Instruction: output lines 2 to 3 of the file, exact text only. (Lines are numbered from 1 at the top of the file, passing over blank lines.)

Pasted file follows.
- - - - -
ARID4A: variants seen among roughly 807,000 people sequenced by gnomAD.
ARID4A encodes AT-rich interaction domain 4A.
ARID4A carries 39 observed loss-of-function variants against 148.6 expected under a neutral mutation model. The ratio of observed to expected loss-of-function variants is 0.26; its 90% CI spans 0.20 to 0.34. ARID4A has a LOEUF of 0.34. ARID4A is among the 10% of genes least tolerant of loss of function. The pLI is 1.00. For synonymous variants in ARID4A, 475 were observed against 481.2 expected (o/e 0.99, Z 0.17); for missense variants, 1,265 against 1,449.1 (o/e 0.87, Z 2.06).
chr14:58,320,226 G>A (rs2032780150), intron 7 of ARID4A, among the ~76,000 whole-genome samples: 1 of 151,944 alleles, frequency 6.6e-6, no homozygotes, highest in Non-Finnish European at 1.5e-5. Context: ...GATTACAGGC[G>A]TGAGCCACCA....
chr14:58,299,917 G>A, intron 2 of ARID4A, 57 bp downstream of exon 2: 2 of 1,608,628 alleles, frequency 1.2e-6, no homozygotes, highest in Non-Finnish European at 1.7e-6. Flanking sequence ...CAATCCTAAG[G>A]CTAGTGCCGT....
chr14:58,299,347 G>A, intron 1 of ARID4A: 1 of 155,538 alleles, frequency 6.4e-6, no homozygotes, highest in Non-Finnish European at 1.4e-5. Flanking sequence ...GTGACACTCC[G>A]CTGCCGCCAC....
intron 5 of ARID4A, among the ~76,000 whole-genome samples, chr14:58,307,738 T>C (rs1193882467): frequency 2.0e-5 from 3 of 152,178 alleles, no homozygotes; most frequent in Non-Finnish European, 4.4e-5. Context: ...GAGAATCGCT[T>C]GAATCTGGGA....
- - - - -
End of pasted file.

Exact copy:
ARID4A encodes AT-rich interaction domain 4A.
ARID4A carries 39 observed loss-of-function variants against 148.6 expected under a neutral mutation model. The ratio of observed to expected loss-of-function variants is 0.26; its 90% CI spans 0.20 to 0.34. ARID4A has a LOEUF of 0.34. ARID4A is among the 10% of genes least tolerant of loss of function. The pLI is 1.00. For synonymous variants in ARID4A, 475 were observed against 481.2 expected (o/e 0.99, Z 0.17); for missense variants, 1,265 against 1,449.1 (o/e 0.87, Z 2.06).